So long as America depends most on the energy resources it has the least reserves in, it will continue to be susceptible to the kind of crisis caused by the Arab oil embargo of 1973, says an official of the Phillips Petroleum Co.
"We rely most heavily on our scarcest fuels: oil and natural gas," Charles M. Kittrell, an executive vice president, said in a recent interview. "They supply 75 percent of the energy we use, but they account for only 7 percent of our country's energy reserves."
Kittrell also contends that the U.S. underuses its most available fuels: coal and uranium. "They supply only a little over 20 percent of our energy, even though they make up more than 90 percent of our nation's conventional energy reserves," he says.
Contending that the use of foreign oil costs the U.S. "more than $120 million a day," and "hurts our balance of payments, endangers our national security and costs us hundreds of thousands of jobs," Kittrell called on Congress and President Carter to take a more dramatic lack in their efforts to create a national energy strategy.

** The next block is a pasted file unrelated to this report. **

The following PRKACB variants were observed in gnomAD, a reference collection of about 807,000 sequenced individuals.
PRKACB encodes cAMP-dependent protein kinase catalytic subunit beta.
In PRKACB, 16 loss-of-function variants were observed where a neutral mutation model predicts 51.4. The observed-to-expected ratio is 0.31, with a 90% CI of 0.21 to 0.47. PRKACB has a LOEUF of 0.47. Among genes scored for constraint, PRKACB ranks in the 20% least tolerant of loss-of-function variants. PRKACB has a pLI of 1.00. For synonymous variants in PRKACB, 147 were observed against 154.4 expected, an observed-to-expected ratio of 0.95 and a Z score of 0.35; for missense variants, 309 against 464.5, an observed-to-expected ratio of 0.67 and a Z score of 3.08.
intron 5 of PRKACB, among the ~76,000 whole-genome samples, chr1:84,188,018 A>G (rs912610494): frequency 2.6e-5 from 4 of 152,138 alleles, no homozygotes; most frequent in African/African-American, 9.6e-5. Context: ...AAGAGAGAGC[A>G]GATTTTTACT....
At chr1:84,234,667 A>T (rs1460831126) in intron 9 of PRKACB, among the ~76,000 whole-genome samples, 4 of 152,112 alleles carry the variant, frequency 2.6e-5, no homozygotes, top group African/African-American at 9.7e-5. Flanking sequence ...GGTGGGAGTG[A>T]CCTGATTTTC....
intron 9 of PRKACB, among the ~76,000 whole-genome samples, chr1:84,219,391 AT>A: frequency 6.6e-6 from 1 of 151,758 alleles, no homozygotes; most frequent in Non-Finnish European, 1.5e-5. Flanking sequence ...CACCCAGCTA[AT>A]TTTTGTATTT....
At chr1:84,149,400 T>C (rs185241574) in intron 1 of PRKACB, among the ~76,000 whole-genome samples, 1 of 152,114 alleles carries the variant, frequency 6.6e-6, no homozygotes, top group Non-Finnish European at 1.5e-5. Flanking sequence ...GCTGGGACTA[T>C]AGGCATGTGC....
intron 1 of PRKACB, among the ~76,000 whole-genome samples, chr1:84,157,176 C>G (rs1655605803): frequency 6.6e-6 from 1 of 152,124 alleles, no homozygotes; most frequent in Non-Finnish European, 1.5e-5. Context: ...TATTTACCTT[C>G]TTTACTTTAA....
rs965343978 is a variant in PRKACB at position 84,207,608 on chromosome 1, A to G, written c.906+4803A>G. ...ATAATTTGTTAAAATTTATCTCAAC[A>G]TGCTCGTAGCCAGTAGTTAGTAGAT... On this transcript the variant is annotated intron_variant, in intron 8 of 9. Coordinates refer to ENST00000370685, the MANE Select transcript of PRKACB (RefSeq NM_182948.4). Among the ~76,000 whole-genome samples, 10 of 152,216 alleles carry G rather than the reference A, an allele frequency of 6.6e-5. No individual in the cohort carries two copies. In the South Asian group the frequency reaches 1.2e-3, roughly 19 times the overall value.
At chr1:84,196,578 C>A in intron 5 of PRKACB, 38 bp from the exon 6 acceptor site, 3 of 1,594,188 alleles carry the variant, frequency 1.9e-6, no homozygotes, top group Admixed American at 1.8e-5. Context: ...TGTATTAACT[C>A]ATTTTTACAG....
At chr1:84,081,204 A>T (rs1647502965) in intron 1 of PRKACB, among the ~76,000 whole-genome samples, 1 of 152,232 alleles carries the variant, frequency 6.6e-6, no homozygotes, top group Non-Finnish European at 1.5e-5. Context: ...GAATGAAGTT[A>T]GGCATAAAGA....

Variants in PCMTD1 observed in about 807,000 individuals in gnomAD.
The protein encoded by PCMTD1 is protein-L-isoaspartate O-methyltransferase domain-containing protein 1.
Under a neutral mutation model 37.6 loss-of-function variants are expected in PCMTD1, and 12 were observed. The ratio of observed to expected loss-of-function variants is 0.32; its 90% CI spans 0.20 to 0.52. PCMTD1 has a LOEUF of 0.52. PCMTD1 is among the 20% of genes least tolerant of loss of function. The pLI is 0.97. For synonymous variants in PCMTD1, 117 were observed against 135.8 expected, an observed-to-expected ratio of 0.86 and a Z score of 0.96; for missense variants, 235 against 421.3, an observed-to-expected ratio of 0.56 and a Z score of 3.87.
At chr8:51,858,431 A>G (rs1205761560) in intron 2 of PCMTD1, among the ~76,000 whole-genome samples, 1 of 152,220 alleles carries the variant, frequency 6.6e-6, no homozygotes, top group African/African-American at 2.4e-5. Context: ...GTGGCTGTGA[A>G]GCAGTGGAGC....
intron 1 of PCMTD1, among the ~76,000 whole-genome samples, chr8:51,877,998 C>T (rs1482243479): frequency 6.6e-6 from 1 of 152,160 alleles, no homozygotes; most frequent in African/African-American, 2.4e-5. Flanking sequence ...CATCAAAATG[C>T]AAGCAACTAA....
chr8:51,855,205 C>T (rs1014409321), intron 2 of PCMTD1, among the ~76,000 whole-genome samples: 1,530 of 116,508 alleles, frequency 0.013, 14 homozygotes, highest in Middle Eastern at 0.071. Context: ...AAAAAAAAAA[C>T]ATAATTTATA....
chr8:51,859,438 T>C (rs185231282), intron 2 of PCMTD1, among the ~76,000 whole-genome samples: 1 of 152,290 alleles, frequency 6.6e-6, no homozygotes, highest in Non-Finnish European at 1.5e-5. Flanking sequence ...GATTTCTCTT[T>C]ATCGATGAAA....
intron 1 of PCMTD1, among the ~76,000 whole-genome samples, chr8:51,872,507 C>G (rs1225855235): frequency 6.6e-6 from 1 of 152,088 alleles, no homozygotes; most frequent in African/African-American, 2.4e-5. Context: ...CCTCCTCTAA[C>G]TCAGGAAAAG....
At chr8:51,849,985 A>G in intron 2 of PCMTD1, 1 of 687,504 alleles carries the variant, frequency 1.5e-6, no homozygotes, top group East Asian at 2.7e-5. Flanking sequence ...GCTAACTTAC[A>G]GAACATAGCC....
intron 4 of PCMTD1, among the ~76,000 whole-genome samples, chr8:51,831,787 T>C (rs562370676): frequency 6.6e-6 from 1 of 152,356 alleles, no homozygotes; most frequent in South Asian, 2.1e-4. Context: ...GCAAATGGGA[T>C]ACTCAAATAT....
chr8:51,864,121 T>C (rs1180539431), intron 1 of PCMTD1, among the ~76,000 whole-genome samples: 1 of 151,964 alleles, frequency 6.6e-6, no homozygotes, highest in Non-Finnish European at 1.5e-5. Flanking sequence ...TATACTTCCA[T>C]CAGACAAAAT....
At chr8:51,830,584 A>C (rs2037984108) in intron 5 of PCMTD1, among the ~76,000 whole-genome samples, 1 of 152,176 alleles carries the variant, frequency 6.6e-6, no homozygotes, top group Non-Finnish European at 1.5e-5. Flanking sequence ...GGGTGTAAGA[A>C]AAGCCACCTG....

"This administration has the unmitigated gall to call this a gas decontrol bill," Kittrell said. That bill provides a long-term timetable to decontrol natural gas prices.
Kittrell said he didn't believe the bill would "bring forth any new gas, except in areas like New Mexico and Utah, where the market might absorb it."
Kittrell said that new energy forms such as solar energy "will not amount to much for the rest of this century." He blames that situation on the failure of the U.S. government to let the free market influence the energy business.
Calling solar units for heating and cooling homes "the caviar of fuel systems . . . too expensive for most homeowner's tastes," Kittrell said research into alternate energy sources will not be significant until the government gets out of the marketplace.
"When government starts fiddling with energy prices, that marketplace short circuits," he said. "And eventually the consumer gets burned."
He said that if gas prices were deregulated and allowed to rise, "There would be more pressure on private industry to come up with alternatives, and to spend money on such things as solar research."
Government policies to hold down the price of natural gas and domestic oil are not consistent with efforts to get the public to conserve energy, Kittrell said.
"In fact, where the marketplace economics are allowed to work, Americans do conserve," he added. "Sales of home insulation have been at all-time highs for two years now, since before the president announced his energy plan. Sales of heat pumps have skyrocketed nearly 400 percent since 1973."